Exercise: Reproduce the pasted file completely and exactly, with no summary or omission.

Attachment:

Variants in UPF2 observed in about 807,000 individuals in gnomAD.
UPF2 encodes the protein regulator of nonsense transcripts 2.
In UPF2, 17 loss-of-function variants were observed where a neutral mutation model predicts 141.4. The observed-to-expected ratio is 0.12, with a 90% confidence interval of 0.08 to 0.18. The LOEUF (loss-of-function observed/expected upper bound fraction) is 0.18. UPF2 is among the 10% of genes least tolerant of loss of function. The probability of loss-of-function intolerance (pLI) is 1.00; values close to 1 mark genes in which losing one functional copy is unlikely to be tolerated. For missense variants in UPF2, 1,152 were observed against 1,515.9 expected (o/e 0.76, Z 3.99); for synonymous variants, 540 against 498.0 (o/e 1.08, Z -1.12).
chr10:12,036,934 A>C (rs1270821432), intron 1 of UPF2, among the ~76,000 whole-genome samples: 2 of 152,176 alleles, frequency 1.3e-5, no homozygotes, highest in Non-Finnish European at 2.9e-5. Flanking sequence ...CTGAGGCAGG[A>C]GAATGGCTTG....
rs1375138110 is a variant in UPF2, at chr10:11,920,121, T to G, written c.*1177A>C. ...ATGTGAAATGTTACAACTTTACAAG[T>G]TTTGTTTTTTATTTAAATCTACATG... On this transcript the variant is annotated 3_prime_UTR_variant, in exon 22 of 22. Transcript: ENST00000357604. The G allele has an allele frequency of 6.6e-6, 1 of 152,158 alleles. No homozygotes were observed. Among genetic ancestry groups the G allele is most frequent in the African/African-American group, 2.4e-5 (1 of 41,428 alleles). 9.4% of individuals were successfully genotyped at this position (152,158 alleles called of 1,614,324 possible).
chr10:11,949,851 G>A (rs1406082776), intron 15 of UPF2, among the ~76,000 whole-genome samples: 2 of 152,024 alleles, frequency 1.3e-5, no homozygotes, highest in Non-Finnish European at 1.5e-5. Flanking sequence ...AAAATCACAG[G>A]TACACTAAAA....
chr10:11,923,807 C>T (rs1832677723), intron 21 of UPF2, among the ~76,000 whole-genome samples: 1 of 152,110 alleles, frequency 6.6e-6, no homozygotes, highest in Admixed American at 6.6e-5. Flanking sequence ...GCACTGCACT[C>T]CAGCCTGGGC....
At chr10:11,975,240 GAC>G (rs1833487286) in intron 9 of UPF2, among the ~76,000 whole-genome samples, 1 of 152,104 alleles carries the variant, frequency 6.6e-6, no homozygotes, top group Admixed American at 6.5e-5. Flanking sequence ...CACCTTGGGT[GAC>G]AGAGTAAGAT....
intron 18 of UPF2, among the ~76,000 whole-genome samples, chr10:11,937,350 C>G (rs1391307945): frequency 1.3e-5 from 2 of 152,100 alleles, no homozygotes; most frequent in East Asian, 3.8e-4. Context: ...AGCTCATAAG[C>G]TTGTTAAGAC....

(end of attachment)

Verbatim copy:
Variants in UPF2 observed in about 807,000 individuals in gnomAD.
UPF2 encodes the protein regulator of nonsense transcripts 2.
In UPF2, 17 loss-of-function variants were observed where a neutral mutation model predicts 141.4. The observed-to-expected ratio is 0.12, with a 90% confidence interval of 0.08 to 0.18. The LOEUF (loss-of-function observed/expected upper bound fraction) is 0.18. UPF2 is among the 10% of genes least tolerant of loss of function. The probability of loss-of-function intolerance (pLI) is 1.00; values close to 1 mark genes in which losing one functional copy is unlikely to be tolerated. For missense variants in UPF2, 1,152 were observed against 1,515.9 expected (o/e 0.76, Z 3.99); for synonymous variants, 540 against 498.0 (o/e 1.08, Z -1.12).
chr10:12,036,934 A>C (rs1270821432), intron 1 of UPF2, among the ~76,000 whole-genome samples: 2 of 152,176 alleles, frequency 1.3e-5, no homozygotes, highest in Non-Finnish European at 2.9e-5. Flanking sequence ...CTGAGGCAGG[A>C]GAATGGCTTG....
rs1375138110 is a variant in UPF2, at chr10:11,920,121, T to G, written c.*1177A>C. ...ATGTGAAATGTTACAACTTTACAAG[T>G]TTTGTTTTTTATTTAAATCTACATG... On this transcript the variant is annotated 3_prime_UTR_variant, in exon 22 of 22. Transcript: ENST00000357604. The G allele has an allele frequency of 6.6e-6, 1 of 152,158 alleles. No homozygotes were observed. Among genetic ancestry groups the G allele is most frequent in the African/African-American group, 2.4e-5 (1 of 41,428 alleles). 9.4% of individuals were successfully genotyped at this position (152,158 alleles called of 1,614,324 possible).
chr10:11,949,851 G>A (rs1406082776), intron 15 of UPF2, among the ~76,000 whole-genome samples: 2 of 152,024 alleles, frequency 1.3e-5, no homozygotes, highest in Non-Finnish European at 1.5e-5. Flanking sequence ...AAAATCACAG[G>A]TACACTAAAA....
chr10:11,923,807 C>T (rs1832677723), intron 21 of UPF2, among the ~76,000 whole-genome samples: 1 of 152,110 alleles, frequency 6.6e-6, no homozygotes, highest in Admixed American at 6.6e-5. Flanking sequence ...GCACTGCACT[C>T]CAGCCTGGGC....
At chr10:11,975,240 GAC>G (rs1833487286) in intron 9 of UPF2, among the ~76,000 whole-genome samples, 1 of 152,104 alleles carries the variant, frequency 6.6e-6, no homozygotes, top group Admixed American at 6.5e-5. Flanking sequence ...CACCTTGGGT[GAC>G]AGAGTAAGAT....
intron 18 of UPF2, among the ~76,000 whole-genome samples, chr10:11,937,350 C>G (rs1391307945): frequency 1.3e-5 from 2 of 152,100 alleles, no homozygotes; most frequent in East Asian, 3.8e-4. Context: ...AGCTCATAAG[C>G]TTGTTAAGAC....